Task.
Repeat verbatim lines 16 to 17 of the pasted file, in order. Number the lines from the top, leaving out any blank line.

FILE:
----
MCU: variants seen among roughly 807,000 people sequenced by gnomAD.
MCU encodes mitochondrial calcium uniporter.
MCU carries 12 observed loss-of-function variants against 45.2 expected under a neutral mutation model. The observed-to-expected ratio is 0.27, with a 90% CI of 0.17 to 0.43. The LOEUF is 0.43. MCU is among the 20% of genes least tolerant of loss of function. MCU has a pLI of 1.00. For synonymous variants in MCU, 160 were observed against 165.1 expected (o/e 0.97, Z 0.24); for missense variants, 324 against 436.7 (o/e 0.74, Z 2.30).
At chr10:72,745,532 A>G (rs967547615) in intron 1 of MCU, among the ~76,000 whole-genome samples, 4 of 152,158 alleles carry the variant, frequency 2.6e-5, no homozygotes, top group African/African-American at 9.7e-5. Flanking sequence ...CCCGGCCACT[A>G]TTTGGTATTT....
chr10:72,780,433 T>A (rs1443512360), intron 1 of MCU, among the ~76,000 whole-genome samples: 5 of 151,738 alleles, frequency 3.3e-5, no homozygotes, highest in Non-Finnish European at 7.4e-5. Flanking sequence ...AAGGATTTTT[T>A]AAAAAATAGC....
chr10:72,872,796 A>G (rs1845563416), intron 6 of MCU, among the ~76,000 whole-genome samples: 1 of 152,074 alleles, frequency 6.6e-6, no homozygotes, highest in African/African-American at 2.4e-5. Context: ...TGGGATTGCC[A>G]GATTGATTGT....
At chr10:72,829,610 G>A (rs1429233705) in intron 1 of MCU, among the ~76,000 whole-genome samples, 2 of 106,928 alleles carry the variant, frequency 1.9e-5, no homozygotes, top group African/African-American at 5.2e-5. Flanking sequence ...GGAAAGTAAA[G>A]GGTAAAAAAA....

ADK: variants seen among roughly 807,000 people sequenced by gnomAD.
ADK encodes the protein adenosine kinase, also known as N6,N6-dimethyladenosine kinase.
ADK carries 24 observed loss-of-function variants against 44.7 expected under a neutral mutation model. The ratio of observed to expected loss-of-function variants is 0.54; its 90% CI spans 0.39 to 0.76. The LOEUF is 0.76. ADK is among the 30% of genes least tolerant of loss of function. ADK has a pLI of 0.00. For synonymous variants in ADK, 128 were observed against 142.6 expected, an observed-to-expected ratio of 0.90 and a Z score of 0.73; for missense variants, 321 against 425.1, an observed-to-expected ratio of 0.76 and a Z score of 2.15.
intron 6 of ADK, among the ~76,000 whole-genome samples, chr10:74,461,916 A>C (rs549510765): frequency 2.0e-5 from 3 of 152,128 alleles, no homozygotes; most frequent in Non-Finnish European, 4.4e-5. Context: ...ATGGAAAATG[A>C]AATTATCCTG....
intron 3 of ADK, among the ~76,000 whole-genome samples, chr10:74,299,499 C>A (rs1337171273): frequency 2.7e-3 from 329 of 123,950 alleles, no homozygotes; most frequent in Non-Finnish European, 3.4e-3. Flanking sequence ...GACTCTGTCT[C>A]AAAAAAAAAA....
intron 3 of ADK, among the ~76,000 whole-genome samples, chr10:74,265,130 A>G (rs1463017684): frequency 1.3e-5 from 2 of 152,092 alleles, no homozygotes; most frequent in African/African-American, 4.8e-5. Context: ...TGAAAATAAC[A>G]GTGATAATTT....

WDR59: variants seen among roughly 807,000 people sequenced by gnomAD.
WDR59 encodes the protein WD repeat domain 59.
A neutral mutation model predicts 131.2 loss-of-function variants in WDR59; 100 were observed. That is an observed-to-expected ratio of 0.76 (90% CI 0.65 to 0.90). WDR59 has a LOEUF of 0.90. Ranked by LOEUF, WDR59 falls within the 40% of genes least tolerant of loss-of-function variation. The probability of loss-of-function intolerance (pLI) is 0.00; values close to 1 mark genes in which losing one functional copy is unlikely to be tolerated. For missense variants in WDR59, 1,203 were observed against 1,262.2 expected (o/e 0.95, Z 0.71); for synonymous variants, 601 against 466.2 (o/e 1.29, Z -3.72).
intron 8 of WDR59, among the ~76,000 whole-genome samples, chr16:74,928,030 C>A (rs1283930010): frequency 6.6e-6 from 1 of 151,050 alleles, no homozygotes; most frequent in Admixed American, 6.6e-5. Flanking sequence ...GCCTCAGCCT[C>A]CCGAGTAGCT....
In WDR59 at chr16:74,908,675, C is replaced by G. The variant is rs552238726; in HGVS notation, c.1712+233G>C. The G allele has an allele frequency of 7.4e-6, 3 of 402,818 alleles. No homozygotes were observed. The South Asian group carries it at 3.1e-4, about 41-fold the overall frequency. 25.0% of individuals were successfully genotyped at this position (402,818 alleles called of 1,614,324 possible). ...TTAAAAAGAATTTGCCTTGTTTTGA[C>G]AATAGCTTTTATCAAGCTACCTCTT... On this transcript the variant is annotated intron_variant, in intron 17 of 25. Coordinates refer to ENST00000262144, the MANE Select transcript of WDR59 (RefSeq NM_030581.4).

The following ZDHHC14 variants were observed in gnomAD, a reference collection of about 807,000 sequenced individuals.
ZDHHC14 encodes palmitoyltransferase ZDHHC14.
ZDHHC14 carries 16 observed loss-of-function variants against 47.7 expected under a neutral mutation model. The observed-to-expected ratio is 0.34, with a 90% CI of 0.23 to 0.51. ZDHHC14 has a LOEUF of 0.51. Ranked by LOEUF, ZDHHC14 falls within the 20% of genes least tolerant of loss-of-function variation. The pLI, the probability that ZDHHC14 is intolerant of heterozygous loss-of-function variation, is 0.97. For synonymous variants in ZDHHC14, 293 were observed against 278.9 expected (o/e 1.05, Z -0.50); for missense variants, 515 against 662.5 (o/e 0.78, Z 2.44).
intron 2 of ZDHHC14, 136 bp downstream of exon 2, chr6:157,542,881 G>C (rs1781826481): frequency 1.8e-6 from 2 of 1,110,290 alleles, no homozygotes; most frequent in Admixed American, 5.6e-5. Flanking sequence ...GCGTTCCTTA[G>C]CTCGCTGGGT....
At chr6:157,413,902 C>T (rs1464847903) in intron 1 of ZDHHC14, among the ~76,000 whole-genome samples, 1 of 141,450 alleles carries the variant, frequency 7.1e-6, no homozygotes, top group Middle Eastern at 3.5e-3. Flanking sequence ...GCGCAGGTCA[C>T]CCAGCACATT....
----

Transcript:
A neutral mutation model predicts 131.2 loss-of-function variants in WDR59; 100 were observed. That is an observed-to-expected ratio of 0.76 (90% CI 0.65 to 0.90). WDR59 has a LOEUF of 0.90. Ranked by LOEUF, WDR59 falls within the 40% of genes least tolerant of loss-of-function variation. The probability of loss-of-function intolerance (pLI) is 0.00; values close to 1 mark genes in which losing one functional copy is unlikely to be tolerated. For missense variants in WDR59, 1,203 were observed against 1,262.2 expected (o/e 0.95, Z 0.71); for synonymous variants, 601 against 466.2 (o/e 1.29, Z -3.72).
intron 8 of WDR59, among the ~76,000 whole-genome samples, chr16:74,928,030 C>A (rs1283930010): frequency 6.6e-6 from 1 of 151,050 alleles, no homozygotes; most frequent in Admixed American, 6.6e-5. Flanking sequence ...GCCTCAGCCT[C>A]CCGAGTAGCT....